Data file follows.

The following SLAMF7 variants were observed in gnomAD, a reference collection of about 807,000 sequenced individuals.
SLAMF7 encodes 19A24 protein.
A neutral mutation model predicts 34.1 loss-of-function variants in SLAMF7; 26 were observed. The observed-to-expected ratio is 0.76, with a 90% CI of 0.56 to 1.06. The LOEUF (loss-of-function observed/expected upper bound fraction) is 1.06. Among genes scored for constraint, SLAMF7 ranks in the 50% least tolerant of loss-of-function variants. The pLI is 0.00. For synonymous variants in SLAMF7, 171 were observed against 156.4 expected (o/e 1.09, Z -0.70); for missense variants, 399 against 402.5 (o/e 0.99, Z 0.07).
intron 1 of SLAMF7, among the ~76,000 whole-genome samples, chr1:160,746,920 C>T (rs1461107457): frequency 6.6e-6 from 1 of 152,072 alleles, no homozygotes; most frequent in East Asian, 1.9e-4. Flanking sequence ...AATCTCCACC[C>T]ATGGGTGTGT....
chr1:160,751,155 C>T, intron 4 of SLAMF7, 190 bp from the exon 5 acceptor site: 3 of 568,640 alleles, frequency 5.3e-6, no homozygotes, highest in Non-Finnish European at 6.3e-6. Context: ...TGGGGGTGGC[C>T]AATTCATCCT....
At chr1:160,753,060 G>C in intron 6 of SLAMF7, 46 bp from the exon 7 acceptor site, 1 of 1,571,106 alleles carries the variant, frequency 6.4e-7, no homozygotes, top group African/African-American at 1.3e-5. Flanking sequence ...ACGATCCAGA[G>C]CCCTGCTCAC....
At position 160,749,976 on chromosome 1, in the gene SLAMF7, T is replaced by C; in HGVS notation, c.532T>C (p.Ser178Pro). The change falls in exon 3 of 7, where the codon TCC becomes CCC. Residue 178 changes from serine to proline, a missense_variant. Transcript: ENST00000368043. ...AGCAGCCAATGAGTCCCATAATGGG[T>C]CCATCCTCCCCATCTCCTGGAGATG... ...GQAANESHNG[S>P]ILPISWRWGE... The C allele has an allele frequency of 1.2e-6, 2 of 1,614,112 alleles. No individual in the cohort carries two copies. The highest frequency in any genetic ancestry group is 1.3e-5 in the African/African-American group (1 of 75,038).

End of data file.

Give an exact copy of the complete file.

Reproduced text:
The following SLAMF7 variants were observed in gnomAD, a reference collection of about 807,000 sequenced individuals.
SLAMF7 encodes 19A24 protein.
A neutral mutation model predicts 34.1 loss-of-function variants in SLAMF7; 26 were observed. The observed-to-expected ratio is 0.76, with a 90% CI of 0.56 to 1.06. The LOEUF (loss-of-function observed/expected upper bound fraction) is 1.06. Among genes scored for constraint, SLAMF7 ranks in the 50% least tolerant of loss-of-function variants. The pLI is 0.00. For synonymous variants in SLAMF7, 171 were observed against 156.4 expected (o/e 1.09, Z -0.70); for missense variants, 399 against 402.5 (o/e 0.99, Z 0.07).
intron 1 of SLAMF7, among the ~76,000 whole-genome samples, chr1:160,746,920 C>T (rs1461107457): frequency 6.6e-6 from 1 of 152,072 alleles, no homozygotes; most frequent in East Asian, 1.9e-4. Flanking sequence ...AATCTCCACC[C>T]ATGGGTGTGT....
chr1:160,751,155 C>T, intron 4 of SLAMF7, 190 bp from the exon 5 acceptor site: 3 of 568,640 alleles, frequency 5.3e-6, no homozygotes, highest in Non-Finnish European at 6.3e-6. Context: ...TGGGGGTGGC[C>T]AATTCATCCT....
At chr1:160,753,060 G>C in intron 6 of SLAMF7, 46 bp from the exon 7 acceptor site, 1 of 1,571,106 alleles carries the variant, frequency 6.4e-7, no homozygotes, top group African/African-American at 1.3e-5. Flanking sequence ...ACGATCCAGA[G>C]CCCTGCTCAC....
At position 160,749,976 on chromosome 1, in the gene SLAMF7, T is replaced by C; in HGVS notation, c.532T>C (p.Ser178Pro). The change falls in exon 3 of 7, where the codon TCC becomes CCC. Residue 178 changes from serine to proline, a missense_variant. Transcript: ENST00000368043. ...AGCAGCCAATGAGTCCCATAATGGG[T>C]CCATCCTCCCCATCTCCTGGAGATG... ...GQAANESHNG[S>P]ILPISWRWGE... The C allele has an allele frequency of 1.2e-6, 2 of 1,614,112 alleles. No individual in the cohort carries two copies. The highest frequency in any genetic ancestry group is 1.3e-5 in the African/African-American group (1 of 75,038).